Two Montrealers with degenerative diseases are challenging both Canada’s and Quebec’s doctor-assisted dying laws.
They say the laws are too limiting in their criteria of who can obtain medical assistance to die, which goes against their charter rights.
Jean Truchon, 49, and Nicole Gladu, 71, are the two plaintiffs in the first Quebec Superior Court challenge to the federal law, which requires that death be reasonably foreseeable for a patient to receive aid to die.
Their lawyer, Jean-Pierre Ménard, says the two suffer from serious and irremediable health problems that cause persistent and intolerable suffering.
That’s not enough to qualify for assisted death under the existing laws, Ménard said, but it does meet conditions set out in the 2015 Supreme Court ruling that ordered the federal government to create assisted-dying legislation.
“It’s absolutely deplorable that these people who meet the law’s criteria — a serious and irremediable illness with intolerable suffering — need to go to court to have their rights met,” Ménard said Wednesday morning at a news conference with the plaintiffs.
‘Happy it’s being challenged’
Truchon and Gladu lived most of their lives independently, despite illnesses they’ve had since birth, in Truchon’s case, and early childhood in Gladu’s.
But in the past five and 20 years respectively, their conditions have worsened to the point where they’ve lost almost all their autonomy.
Ménard said Truchon, who has cerebral palsy, managed most of his life with only one functioning limb, his left arm, until he lost use of it in 2012.
“A life in institutions is not for me. I’ve tasted what living for myself is like and since I’ve lost that, the little pleasures of everyday life are longer enough for me,” Truchon said in a statement read by his caregiver.
“If I’m still alive today, it’s because I’ve wanted to obtain the right to die with dignity through medical assistance.”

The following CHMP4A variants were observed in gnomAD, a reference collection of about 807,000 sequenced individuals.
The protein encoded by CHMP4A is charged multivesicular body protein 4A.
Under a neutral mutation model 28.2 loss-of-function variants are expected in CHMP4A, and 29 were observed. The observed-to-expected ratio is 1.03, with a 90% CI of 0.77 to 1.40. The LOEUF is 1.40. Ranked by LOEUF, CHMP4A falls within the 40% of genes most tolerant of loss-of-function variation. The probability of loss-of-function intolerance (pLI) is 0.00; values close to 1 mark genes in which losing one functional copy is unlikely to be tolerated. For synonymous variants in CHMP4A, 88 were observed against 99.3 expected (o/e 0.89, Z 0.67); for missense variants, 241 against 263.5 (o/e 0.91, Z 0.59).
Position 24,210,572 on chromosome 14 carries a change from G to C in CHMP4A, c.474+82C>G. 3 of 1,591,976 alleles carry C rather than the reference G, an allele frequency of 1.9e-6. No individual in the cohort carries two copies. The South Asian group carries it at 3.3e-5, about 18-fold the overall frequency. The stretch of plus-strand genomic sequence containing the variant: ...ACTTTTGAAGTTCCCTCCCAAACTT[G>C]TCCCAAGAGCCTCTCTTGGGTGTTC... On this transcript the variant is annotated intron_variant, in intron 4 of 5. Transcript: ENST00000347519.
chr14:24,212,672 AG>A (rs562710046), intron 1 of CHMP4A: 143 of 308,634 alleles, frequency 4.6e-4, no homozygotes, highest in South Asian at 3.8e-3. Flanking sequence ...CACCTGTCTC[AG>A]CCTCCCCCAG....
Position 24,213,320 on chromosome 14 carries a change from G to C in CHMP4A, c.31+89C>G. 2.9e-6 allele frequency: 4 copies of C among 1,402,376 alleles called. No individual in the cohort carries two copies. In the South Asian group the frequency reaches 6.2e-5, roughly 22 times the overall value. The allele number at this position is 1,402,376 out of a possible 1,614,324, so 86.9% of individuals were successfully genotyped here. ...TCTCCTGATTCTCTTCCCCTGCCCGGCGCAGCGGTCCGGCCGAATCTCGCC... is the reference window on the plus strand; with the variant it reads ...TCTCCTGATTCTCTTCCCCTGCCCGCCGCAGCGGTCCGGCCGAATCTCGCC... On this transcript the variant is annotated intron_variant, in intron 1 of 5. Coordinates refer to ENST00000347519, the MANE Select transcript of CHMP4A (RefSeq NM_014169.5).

Truchon, who grew visibly emotional as his statement was read, said he’s thought of other ways to end his life, such as starving himself to death or throwing himself in front of a car or Metro train.
But any other option would increase suffering for him and those around him, he said. ”I wish to have the right to a gentle and dignified death.”
‘My body can’t support me’
Gladu survived the 1949 polio epidemic before a vaccine was introduced.
After a three-month coma, physical therapy, surgery for scoliosis and with only one functional lung, she led an active career in communications, including at Radio-Canada, before post-polio syndrome hit and caused her muscles to atrophy.
She said her suffering has intensified and her condition has worsened since 1994 and especially in the last two years.
“My body can’t support me anymore,” said Gladu, who has testified in a provincial commission examining medical aid in dying.
“What I’m asking for is respect for all those like me, who have been watching death in the face for a long time in a progressive rather than spectacular fashion.”
Gladu noted that she’s thought of going to Zurich, where non-residents can receive medical assistance in dying, but would like to die “in my apartment with my wonderful friends.”
Speaking earlier Wednesday, Quebec Health Minister Gaétan Barrette said he’s had his own concerns with the wording of the federal law.
He said he’s already heard of people with degenerative diseases trying to starve themselves to bypass the criteria demanding that death be reasonably foreseeable.
“I am to some extent happy it’s being challenged,” he said.
It’s not the first time the criteria have been disputed.
Last summer, a 25-year-old woman with spinal muscular atrophy in British Columbia filed a lawsuit with the BC Civil Liberties Association in the province’s Supreme Court, challenging the same provision in the federal law. And in May, a 68-year-old Delta, B.C., woman suffering from Parkinson’s disease added her name to the challenge.
Philpott confident ‘law is the right law’
Federal Health Minister Jane Philpott responded to questions about the challenge, saying the government has launched studies into the law and is still waiting for results.
”We know that there are some issues that people wanted more conversation about,” Philpott said.
“I don’t want to speculate on where we will go from here. We have confidence that the law is the right law for Canadians, that it responded to the requests — to the decision — previous decision of the Supreme Court and that it is providing an opportunity for Canadians to have access.”